The other three aren’t faring as well, but Waller and Harcourt seem unconcerned, provided the doings get done. Deadshot, Captain Boomerang, and Rick Flag bust into the prison by smashing the rocket into one of the walls. You would think that’d alert the staff of a prison pretty rapidly, but there are a few moments before Killer Croc rips open an undersea wall of the prison and swims right in with Katana and Harley Quinn under an arm. Now, wouldn’t that flood the prison? Anyway, since the crew is back together, the Russian guards snap to attention and begin firing at the Squad, so Killer Croc chucks Katana and Harley at a bunch of them in a very cool manga-inspired panel. Harley and Katana set to murdering…oh, so many guards, and right here is a good comics lesson in script vs. plotting.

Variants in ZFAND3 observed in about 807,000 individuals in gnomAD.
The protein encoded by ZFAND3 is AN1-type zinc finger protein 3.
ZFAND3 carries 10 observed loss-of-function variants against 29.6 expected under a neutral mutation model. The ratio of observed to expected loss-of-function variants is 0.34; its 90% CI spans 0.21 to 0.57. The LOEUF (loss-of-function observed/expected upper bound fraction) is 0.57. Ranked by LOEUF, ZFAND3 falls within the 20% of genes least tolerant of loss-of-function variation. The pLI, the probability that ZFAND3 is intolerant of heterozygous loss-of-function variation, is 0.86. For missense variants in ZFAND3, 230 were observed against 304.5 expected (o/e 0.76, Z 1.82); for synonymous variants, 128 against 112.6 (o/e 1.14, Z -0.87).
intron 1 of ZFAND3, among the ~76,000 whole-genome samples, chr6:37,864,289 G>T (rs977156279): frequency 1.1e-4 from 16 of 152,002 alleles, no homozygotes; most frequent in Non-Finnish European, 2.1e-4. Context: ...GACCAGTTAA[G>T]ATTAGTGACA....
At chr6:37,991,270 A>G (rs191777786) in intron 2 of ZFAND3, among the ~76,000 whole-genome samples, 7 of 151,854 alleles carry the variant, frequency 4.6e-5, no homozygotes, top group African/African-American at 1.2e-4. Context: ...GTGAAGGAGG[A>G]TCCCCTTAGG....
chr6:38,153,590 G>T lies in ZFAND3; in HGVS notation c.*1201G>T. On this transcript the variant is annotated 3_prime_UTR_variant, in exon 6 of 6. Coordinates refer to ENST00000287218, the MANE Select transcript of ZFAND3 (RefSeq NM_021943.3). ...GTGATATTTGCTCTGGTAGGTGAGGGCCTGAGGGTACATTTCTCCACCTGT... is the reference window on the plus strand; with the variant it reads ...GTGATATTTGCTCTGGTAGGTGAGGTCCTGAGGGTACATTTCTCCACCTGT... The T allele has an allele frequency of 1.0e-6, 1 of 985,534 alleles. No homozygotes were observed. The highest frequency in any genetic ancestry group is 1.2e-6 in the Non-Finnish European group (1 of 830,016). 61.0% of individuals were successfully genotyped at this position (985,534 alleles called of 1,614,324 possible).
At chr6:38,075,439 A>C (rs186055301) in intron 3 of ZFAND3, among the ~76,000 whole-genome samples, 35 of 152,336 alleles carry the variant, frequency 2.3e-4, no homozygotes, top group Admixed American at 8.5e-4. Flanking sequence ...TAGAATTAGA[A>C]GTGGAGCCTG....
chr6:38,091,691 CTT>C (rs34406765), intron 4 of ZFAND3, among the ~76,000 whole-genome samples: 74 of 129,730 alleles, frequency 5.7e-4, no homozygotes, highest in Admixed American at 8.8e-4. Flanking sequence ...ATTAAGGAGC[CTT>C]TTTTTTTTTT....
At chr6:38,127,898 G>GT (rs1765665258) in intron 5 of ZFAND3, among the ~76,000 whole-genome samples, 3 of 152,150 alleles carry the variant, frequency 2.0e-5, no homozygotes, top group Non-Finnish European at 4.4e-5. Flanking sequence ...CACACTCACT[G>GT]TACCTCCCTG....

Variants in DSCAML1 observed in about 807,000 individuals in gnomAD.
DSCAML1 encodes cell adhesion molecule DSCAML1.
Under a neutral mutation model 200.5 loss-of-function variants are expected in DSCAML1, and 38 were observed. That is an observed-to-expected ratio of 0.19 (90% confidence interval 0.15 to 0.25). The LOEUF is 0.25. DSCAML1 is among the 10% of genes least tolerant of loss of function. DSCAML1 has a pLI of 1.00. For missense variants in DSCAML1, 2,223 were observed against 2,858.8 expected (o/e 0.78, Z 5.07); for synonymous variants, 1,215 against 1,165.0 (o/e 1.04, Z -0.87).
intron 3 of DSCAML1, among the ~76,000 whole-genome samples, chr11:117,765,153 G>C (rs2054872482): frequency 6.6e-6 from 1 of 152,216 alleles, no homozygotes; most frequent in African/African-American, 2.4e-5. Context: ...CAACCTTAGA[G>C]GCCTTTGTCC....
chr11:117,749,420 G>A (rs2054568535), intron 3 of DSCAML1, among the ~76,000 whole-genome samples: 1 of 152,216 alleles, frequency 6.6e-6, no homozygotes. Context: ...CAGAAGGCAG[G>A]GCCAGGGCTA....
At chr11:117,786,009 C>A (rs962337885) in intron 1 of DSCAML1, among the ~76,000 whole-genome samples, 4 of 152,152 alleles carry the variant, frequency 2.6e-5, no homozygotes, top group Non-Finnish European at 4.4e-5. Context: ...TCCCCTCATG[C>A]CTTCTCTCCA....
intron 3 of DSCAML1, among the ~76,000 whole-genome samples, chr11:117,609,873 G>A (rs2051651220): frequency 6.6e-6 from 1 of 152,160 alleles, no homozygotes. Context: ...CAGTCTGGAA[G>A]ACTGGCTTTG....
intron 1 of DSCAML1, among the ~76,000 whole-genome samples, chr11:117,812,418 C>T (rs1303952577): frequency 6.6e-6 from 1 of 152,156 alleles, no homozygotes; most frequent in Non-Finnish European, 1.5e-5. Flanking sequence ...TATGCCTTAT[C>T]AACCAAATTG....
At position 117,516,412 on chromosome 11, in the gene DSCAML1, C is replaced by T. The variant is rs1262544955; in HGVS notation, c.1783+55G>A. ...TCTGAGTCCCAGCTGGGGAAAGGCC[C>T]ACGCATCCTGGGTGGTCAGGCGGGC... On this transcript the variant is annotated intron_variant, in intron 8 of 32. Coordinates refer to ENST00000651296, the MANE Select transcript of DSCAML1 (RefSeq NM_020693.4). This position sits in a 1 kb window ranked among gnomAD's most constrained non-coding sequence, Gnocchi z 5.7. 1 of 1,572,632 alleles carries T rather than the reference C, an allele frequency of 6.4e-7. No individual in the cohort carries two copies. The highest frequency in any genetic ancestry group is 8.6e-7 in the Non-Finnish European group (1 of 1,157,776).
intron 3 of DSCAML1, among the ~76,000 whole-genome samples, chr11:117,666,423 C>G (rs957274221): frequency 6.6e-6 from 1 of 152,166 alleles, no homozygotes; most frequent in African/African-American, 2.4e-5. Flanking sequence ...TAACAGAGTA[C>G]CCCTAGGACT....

So what we have here is an extended scene of absolute carnage: Katana chopping off heads and limbs, Harley breaking guys’ necks and making them shoot one another with automatic rifles, it’s just a bloodbath. And the gag is that Harley is engaging Katana in cerebral conversation while they commit two- or three-dozen murders. It’s a good gag because Katana isn’t known for being too chatty even while standing still, but it falls flat here, and it’s because of how the scene is plotted. Jim Lee uses five long panels (on two pages, unfortunately) to depict the action, which gives us a broad sense of how exacting the killing spree is. But had this been broken up into smaller panels with close-ups of Harley and Katana, the joke would be broken up into several word balloons and could have established a better rhythm. Not that it’s the greatest joke in the world, mind you, but it didn’t land because of the plotting—yet how the scene is plotted is very dynamic and looks absolutely awesome. So who’s to say what is right in this case? I am, and I say the plotting should have served the script, or Williams’ should have been able to come up with something humorous over five panels (how about a “knock knock” joke where Harley Quinn continues despite getting no answers from Katana?) instead of killing the dialogue on the spot. And this has been Comics 101 with Professor Reggie Knowitall, back to your regularly-scheduled recap.